I will introduce two benchmarking tools here: ab & httperf with some other utilities.
1. ab is shipped with most linux distributions. It is used to simulate load test on to your webserver and check how it behaves during such situations. It is run from the command line and the command is ab followed by the required options and the name of a website served by the server that you need to test. There are two ways to which you can run the test. One is to run the ab tool in the same machine where Apache is installed. The sencond is the practical way which is to run the tool to a remote webserver which helps in taking into account the network related accessibility issues. Lets see how to use it.
The most common options of ab are -n and -c. A test to www.google.com would be as below:
root@sage3-desktop:~# ab -n 100 -c 10 http://www.google.com/
This is ApacheBench, Version 2.3 <$Revision: 655654 $>
Copyright 1996 Adam Twiss, Zeus Technology Ltd, http://www.zeustech.net/
Licensed to The Apache Software Foundation, http://www.apache.org/
Benchmarking www.google.com (be patient)…..done
Server Software: gws
Server Hostname: www.google.com
Server Port: 80
Document Path: /
Document Length: 221 bytes
Concurrency Level: 10
Time taken for tests: 1.455 seconds
Complete requests: 100
Failed requests: 0
Write errors: 0
Non-2xx responses: 100
Total transferred: 83000 bytes
HTML transferred: 22100 bytes
Requests per second: 68.72 [#/sec] (mean)
Time per request: 145.509 [ms] (mean)
Time per request: 14.551 [ms] (mean, across all concurrent requests)
Transfer rate: 55.70 [Kbytes/sec] received
Connection Times (ms)
min mean[+/-sd] median max
Connect: 45 49 3.2 48 62
Processing: 89 94 3.3 94 108
Waiting: 89 94 3.3 93 107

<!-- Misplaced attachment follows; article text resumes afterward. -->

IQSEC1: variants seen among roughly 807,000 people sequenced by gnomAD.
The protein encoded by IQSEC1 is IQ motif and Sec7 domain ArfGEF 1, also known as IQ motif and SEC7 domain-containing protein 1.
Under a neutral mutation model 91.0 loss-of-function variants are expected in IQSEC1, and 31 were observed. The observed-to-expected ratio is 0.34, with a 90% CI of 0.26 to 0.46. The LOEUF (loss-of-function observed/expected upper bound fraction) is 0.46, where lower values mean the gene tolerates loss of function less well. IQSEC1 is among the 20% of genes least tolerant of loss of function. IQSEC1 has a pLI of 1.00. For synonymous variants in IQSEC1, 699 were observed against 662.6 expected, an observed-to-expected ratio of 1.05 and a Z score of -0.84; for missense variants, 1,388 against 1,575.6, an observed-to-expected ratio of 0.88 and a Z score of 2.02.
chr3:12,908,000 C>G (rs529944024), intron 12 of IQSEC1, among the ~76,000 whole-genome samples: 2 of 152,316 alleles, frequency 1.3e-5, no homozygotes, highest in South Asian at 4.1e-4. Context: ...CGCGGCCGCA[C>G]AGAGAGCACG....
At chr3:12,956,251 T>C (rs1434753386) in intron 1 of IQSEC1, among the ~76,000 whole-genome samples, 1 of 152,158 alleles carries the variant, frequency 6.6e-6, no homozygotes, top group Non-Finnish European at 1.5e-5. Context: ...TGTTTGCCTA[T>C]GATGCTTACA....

Total: 136 143 5.5 142 170
Percentage of the requests served within a certain time (ms)
100% 170 (longest request)
-n : Number of requests to perform for the benchmarking session. The default is to just perform a single request which usually leads to non-representative benchmarking results.
-c : Number of multiple requests to perform at a time. Default is one request at a time.
Let me explain the options. -n denotes the total number of requests to send to the webserver in the ab session. By specifying -c 10 we ensure that at any instant of the ab session we keep the webserver busy with 10 requests until the total limit of 100 requests is reached. The requests may be sent through a single connection if the server permits KeepAlive and browser supports persistent connections. The main points in performace to note for are: Failed requests, Connection Times & Transfer rate.
2. httperf Usage :
httperf –hog –server www.google.com –num-conn 50 –rate 10 –timeout 5
-hog : Use as many TCP ports as necessary to generate stats
–server: the host. IP or hostname can be specified
–num-conn : number of connections to create for the session
–rate : create connections at the rate of 10 per second
More simple and direct usage examples can be found at the man page for httperf.
3. Apart from command line tools, there are online websites for analysing webserver performance:
4. Page Speed by Google is an open-source project started at Google to help developers optimize their web pages by applying web performance best practices. Page Speed started as an open-source Firefox/Firebug add-on and is now deployed in third-party products such as Webpagetest.org, Show Slow and Google Webmaster Tools. Please see: